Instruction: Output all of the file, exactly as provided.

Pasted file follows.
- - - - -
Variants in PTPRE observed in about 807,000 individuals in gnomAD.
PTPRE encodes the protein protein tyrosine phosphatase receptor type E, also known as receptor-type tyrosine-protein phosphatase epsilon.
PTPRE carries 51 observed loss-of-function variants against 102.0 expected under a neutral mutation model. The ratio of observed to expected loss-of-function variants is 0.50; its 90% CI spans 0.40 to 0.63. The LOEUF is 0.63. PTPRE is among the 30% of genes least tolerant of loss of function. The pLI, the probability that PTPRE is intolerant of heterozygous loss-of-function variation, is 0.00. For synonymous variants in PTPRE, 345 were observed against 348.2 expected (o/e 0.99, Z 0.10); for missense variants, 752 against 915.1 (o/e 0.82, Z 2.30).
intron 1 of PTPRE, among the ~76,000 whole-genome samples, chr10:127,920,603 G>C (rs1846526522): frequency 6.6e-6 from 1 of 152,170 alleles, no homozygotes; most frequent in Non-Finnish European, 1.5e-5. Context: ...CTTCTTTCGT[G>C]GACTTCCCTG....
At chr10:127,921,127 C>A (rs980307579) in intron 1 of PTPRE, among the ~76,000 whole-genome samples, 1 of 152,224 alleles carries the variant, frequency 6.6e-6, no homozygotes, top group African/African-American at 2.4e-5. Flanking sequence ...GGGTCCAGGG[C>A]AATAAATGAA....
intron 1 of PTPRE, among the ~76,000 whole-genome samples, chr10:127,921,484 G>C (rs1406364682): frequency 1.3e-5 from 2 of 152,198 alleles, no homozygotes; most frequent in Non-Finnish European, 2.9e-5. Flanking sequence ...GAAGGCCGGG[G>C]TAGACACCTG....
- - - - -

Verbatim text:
Variants in PTPRE observed in about 807,000 individuals in gnomAD.
PTPRE encodes the protein protein tyrosine phosphatase receptor type E, also known as receptor-type tyrosine-protein phosphatase epsilon.
PTPRE carries 51 observed loss-of-function variants against 102.0 expected under a neutral mutation model. The ratio of observed to expected loss-of-function variants is 0.50; its 90% CI spans 0.40 to 0.63. The LOEUF is 0.63. PTPRE is among the 30% of genes least tolerant of loss of function. The pLI, the probability that PTPRE is intolerant of heterozygous loss-of-function variation, is 0.00. For synonymous variants in PTPRE, 345 were observed against 348.2 expected (o/e 0.99, Z 0.10); for missense variants, 752 against 915.1 (o/e 0.82, Z 2.30).
intron 1 of PTPRE, among the ~76,000 whole-genome samples, chr10:127,920,603 G>C (rs1846526522): frequency 6.6e-6 from 1 of 152,170 alleles, no homozygotes; most frequent in Non-Finnish European, 1.5e-5. Context: ...CTTCTTTCGT[G>C]GACTTCCCTG....
At chr10:127,921,127 C>A (rs980307579) in intron 1 of PTPRE, among the ~76,000 whole-genome samples, 1 of 152,224 alleles carries the variant, frequency 6.6e-6, no homozygotes, top group African/African-American at 2.4e-5. Flanking sequence ...GGGTCCAGGG[C>A]AATAAATGAA....
intron 1 of PTPRE, among the ~76,000 whole-genome samples, chr10:127,921,484 G>C (rs1406364682): frequency 1.3e-5 from 2 of 152,198 alleles, no homozygotes; most frequent in Non-Finnish European, 2.9e-5. Flanking sequence ...GAAGGCCGGG[G>C]TAGACACCTG....